November 21, 1995
Location: Departing to the west from the Bransfield Strait
It was a busy evening for the scientist from OSU as they collected data
near Deception Island. Deception would be the last new location that they
would investigate in Bransfield Strait. From midnight until about 2:00 AM
the team used the ZAPS sled and the Rosette to collect information about
the chemistry of the water near the Island. A Zodiac was also deployed
with a few members of the OSU team to collect water samples away from the
ship as reference samples.
The decision was made to return to the split volcano ridge investigated
the night before to collect a few more samples. On the way, a core sample
of a flat basin near the ridge was taken. Only about three feet of
sediment was collected in the corer. The scientists were not sure whether
this represented the actual depth of the sediments in the area or if the
corer failed to penetrate into the sediments farther for some other
reason. As they continue their analysis of the core samples, a possible
reason for the shortness of the core will hopeful arise from their data.
It was an unusually calm and bright morning. I awoke at 4:30 AM, not
quite sure why I could not sleep. The sun was bright and full out of my
porthole window. I tried a little reading, and rolled around in my bed
until about 6:45, when Larry Lawver, the chief scientist from Texas,
called to make sure that I got up to see the sunrise. Had called just
about everyone, and indeed it was worth the effort.
I put on the clothes that I had worn the day before, checked myself in
the mirror to make sure I would not frighten anyone, grabbed my camera and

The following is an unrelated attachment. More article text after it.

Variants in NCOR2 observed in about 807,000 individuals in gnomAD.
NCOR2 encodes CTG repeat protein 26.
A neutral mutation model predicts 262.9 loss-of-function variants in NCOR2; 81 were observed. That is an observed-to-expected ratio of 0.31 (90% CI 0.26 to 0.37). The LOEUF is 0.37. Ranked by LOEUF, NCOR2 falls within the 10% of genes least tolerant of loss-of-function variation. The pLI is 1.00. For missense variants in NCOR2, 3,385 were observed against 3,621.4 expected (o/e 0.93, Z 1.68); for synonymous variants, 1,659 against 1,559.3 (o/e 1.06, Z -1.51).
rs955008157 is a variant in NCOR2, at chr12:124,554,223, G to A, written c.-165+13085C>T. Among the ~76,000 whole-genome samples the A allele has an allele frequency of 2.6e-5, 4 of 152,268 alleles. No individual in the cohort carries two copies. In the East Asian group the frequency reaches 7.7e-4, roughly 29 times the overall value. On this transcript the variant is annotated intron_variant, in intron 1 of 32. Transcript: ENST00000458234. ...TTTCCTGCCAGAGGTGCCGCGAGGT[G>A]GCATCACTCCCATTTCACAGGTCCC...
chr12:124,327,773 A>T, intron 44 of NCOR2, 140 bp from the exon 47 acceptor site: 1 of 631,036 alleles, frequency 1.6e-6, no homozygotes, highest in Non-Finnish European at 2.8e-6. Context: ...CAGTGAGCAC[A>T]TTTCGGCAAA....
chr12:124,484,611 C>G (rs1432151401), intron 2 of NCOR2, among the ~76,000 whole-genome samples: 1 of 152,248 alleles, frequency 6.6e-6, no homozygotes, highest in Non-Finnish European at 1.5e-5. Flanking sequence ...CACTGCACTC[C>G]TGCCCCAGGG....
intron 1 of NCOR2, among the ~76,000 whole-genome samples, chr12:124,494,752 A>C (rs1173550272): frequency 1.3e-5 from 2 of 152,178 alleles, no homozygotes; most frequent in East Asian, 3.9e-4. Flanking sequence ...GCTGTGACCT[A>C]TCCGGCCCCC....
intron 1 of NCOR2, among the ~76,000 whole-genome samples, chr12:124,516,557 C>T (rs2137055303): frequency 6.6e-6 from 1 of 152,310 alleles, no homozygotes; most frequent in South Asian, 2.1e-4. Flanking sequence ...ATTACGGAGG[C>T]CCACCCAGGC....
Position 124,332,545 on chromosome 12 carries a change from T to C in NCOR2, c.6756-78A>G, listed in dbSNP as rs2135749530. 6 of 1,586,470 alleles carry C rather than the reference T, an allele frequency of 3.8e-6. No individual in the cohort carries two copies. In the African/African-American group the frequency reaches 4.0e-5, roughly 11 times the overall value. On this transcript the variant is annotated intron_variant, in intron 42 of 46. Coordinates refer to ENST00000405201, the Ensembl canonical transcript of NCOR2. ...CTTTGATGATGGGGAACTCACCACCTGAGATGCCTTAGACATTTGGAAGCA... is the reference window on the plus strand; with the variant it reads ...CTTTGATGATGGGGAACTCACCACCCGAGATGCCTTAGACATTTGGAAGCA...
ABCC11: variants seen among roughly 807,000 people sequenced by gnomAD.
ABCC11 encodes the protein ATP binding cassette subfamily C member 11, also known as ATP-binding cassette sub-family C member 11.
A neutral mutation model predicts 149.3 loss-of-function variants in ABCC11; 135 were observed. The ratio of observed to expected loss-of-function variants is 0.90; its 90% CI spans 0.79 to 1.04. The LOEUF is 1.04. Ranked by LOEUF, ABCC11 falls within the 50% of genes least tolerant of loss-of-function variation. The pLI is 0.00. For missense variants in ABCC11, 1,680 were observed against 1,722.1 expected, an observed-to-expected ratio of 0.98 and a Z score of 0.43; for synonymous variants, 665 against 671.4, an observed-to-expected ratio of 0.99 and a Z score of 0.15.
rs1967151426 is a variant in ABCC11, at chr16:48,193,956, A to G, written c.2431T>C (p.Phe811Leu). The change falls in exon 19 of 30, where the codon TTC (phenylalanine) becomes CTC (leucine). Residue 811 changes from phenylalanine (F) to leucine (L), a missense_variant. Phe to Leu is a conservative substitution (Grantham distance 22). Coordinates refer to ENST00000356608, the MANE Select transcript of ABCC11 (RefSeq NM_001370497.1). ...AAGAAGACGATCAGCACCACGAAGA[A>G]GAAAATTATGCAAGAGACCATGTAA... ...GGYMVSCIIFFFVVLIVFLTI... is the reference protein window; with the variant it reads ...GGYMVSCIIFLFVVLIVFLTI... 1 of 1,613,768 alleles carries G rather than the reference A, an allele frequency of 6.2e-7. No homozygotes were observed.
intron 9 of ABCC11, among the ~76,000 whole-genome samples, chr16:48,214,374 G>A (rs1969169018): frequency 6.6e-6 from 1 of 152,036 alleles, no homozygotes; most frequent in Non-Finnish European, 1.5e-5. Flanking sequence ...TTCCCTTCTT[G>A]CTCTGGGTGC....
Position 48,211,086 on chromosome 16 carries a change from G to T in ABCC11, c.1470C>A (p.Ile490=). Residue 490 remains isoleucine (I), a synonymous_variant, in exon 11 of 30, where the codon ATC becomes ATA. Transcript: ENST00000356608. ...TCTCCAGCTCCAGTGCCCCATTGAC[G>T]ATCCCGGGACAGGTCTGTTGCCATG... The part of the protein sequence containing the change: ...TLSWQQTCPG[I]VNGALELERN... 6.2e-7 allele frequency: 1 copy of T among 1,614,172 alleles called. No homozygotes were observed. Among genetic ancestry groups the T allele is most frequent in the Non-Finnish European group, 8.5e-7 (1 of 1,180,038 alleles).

headed to the Bridge to see what was happening. It is five flights of
stairs from the deck that my bunk is on to the bridge. Usually I have to
fight to keep my balance as I get closer to the bridge because the motion
of the waves is accentuated the higher you go above the water. Today
there was no motion.
When I reached the bridge, I was overcome by the panorama from the
bridge. In all directions, the morning sky was clear. Half hearted
efforts at clouds looked like white smudges on the blue sky. The sky
gently touched and mingled with the sea on the horizon creating a blending
of blues like when an artist mixes colors on their palette. Huge tabular
bergs floated on the surface, motionless, reflecting the light of the sun
onto the sea's surface. The sea was dazzling like a diamond reflecting
light in all directions.
This display of the sun's handy work would have been enough to make the
morning memorable, but directly in front of the bow, Livingston Island was
illuminated by the sun's morning beckons. The island appeared to have
been posed for photographs. The sun highlighted the black rugged peaks
jutting out from under the blanket of snow. Soft wisps of clouds cast
gentle shadows on the snow field defining drifts and crevasses on its
surface. It seemed that the sun's light was revealing secrets about the
Island to us. Its brilliant rays acting as pointers showing us details
that would have been unseen without the sun's illuminating assistance.
I felt compelled to sit and watch. Although I took photos, in the act
of releasing the shutter, I realized that only in my mind's eye could this
image be truly saved. As I remember the images of that morning, I am
encompassed by the emotions, and sensations that are tied to those images.
The morning was an event, not just a sunrise. It was an occasion that
happens once in a lifetime. It is something that I feel compelled to
share with others, but I know that it is an impossible task to explain how
its memory has subtly change the way I will look at all sunrises in the
We had been stationed at Livingston Island due to a problem with the
sea floor mapping system. Larry wanted to complete the map of this area,
and rather than moving, we sat at station until the problem was corrected.
We continued mapping until noon in the Bransfield Strait. At noon we
began our 3900 mile journey to New Zealand. It was the last day of ZAPS
work, but we will continue to do sea floor mapping all the way to New
The OSU team spent most of the day stowing their larger equipment.
This time of year is noted for its severe storms, so every precaution is
taken so that their equipment will make the final transit without damage.
Even thought their gear has been stowed, the OSU team continues their work
in the lab, analysis data throughout the remainder of the cruise. It is
from the analysis of the data, that real conclusions about the location
and characteristics of hydrothermal vents in Bransfield Straits can be